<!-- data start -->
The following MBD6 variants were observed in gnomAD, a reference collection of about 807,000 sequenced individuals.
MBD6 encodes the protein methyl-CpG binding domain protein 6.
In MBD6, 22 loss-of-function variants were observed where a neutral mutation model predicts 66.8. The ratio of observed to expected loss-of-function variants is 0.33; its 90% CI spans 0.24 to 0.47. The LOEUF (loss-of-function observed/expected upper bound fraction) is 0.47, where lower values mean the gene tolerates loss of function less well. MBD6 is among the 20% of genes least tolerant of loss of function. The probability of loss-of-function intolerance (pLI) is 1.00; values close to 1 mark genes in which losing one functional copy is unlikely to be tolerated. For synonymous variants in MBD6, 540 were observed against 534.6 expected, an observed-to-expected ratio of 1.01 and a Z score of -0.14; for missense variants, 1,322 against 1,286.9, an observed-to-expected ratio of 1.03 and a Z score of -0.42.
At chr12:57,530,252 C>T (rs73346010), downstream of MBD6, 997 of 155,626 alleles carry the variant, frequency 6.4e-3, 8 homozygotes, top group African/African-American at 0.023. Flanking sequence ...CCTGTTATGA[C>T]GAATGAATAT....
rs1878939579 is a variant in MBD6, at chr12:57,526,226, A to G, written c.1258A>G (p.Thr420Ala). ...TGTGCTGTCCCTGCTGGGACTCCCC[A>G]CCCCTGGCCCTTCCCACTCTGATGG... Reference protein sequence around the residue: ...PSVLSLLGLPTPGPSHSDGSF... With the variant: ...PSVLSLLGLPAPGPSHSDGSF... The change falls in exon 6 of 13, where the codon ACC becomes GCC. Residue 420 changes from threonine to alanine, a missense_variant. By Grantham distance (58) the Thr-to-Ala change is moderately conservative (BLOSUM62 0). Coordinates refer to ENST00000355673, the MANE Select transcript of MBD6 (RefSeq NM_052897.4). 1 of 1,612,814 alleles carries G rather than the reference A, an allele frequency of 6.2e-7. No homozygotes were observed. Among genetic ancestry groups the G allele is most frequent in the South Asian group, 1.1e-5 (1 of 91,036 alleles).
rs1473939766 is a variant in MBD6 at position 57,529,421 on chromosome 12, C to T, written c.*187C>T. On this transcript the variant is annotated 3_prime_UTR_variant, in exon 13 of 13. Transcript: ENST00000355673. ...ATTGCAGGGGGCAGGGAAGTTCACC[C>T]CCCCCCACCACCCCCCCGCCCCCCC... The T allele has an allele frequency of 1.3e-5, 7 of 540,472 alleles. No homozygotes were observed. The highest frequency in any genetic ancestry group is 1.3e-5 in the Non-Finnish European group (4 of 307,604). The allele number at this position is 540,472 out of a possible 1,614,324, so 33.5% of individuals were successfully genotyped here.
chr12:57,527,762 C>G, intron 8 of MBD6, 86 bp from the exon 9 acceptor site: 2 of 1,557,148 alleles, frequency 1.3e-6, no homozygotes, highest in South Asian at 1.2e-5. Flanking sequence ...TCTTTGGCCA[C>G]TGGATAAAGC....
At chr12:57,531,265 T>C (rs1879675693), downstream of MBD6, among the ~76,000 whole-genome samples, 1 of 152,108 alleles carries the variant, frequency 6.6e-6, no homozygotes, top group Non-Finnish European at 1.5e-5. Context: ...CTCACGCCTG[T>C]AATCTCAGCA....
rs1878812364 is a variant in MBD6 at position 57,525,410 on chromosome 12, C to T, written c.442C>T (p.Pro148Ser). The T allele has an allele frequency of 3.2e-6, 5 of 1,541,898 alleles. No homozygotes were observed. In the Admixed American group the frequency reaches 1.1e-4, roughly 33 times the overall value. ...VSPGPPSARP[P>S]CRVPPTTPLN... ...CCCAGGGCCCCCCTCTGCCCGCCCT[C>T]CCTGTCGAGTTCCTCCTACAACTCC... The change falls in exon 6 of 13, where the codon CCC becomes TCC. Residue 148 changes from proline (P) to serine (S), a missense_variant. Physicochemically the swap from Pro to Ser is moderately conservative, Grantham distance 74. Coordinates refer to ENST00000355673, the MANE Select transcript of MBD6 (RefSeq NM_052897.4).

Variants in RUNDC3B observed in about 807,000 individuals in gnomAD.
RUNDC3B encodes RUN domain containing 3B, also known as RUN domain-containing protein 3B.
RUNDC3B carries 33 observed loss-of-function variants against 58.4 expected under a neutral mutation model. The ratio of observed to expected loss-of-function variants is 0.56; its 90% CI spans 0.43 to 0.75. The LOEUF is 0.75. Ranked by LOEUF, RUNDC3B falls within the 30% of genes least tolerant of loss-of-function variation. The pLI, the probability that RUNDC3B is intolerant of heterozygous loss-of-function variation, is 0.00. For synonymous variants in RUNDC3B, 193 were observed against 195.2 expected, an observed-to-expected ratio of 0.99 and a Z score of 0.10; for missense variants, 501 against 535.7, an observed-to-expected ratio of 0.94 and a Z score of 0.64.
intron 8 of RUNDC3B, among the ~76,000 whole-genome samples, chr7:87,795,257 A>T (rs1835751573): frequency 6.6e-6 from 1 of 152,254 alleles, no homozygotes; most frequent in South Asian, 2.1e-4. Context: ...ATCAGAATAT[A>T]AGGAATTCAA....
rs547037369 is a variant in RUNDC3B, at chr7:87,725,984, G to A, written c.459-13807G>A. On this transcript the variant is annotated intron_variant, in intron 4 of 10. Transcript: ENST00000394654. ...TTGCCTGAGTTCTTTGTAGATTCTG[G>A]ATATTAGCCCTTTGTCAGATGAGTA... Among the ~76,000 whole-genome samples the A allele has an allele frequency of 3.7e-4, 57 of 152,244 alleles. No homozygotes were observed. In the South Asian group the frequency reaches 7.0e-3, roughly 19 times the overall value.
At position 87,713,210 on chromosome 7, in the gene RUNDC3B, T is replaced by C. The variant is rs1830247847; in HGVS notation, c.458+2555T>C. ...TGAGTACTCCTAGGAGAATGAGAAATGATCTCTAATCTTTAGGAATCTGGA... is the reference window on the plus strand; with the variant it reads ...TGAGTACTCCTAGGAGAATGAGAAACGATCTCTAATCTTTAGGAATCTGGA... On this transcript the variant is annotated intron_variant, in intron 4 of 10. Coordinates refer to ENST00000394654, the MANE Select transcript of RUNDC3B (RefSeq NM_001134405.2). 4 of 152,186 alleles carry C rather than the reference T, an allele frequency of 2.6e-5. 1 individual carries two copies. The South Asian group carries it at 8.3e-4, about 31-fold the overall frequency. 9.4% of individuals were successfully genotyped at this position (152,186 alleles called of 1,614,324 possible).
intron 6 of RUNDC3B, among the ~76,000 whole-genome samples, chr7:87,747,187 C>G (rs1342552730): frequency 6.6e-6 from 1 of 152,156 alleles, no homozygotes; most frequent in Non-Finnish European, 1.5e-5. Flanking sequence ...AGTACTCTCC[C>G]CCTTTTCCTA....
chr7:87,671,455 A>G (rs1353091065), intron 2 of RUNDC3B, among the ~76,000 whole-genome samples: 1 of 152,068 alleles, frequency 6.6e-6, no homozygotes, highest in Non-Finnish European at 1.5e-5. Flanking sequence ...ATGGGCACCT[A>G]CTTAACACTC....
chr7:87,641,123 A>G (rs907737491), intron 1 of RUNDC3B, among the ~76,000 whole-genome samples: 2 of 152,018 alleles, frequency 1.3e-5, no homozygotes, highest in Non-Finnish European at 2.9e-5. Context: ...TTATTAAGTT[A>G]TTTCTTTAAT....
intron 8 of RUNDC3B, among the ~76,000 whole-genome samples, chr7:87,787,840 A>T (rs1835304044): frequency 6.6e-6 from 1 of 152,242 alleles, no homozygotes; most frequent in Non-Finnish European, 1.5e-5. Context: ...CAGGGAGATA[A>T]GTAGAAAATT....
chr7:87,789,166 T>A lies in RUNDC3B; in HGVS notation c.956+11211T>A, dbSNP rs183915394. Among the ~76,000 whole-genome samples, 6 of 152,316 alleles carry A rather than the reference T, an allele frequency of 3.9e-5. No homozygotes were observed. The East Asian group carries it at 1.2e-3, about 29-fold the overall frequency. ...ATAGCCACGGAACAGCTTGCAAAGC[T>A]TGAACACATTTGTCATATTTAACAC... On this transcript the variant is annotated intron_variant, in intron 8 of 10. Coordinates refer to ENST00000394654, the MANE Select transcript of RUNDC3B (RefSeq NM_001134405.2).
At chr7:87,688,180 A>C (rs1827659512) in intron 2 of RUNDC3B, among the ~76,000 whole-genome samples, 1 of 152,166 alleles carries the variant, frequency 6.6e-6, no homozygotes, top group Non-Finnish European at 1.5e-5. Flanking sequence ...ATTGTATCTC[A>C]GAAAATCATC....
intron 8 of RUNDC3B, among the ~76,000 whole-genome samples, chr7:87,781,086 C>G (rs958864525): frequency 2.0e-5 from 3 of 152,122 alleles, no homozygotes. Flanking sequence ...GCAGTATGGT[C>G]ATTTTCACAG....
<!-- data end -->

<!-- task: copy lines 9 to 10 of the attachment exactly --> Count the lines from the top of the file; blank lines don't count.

rs1878812364 is a variant in MBD6 at position 57,525,410 on chromosome 12, C to T, written c.442C>T (p.Pro148Ser). The T allele has an allele frequency of 3.2e-6, 5 of 1,541,898 alleles. No homozygotes were observed. In the Admixed American group the frequency reaches 1.1e-4, roughly 33 times the overall value. ...VSPGPPSARP[P>S]CRVPPTTPLN... ...CCCAGGGCCCCCCTCTGCCCGCCCT[C>T]CCTGTCGAGTTCCTCCTACAACTCC... The change falls in exon 6 of 13, where the codon CCC becomes TCC. Residue 148 changes from proline (P) to serine (S), a missense_variant. Physicochemically the swap from Pro to Ser is moderately conservative, Grantham distance 74. Coordinates refer to ENST00000355673, the MANE Select transcript of MBD6 (RefSeq NM_052897.4).

Variants in RUNDC3B observed in about 807,000 individuals in gnomAD.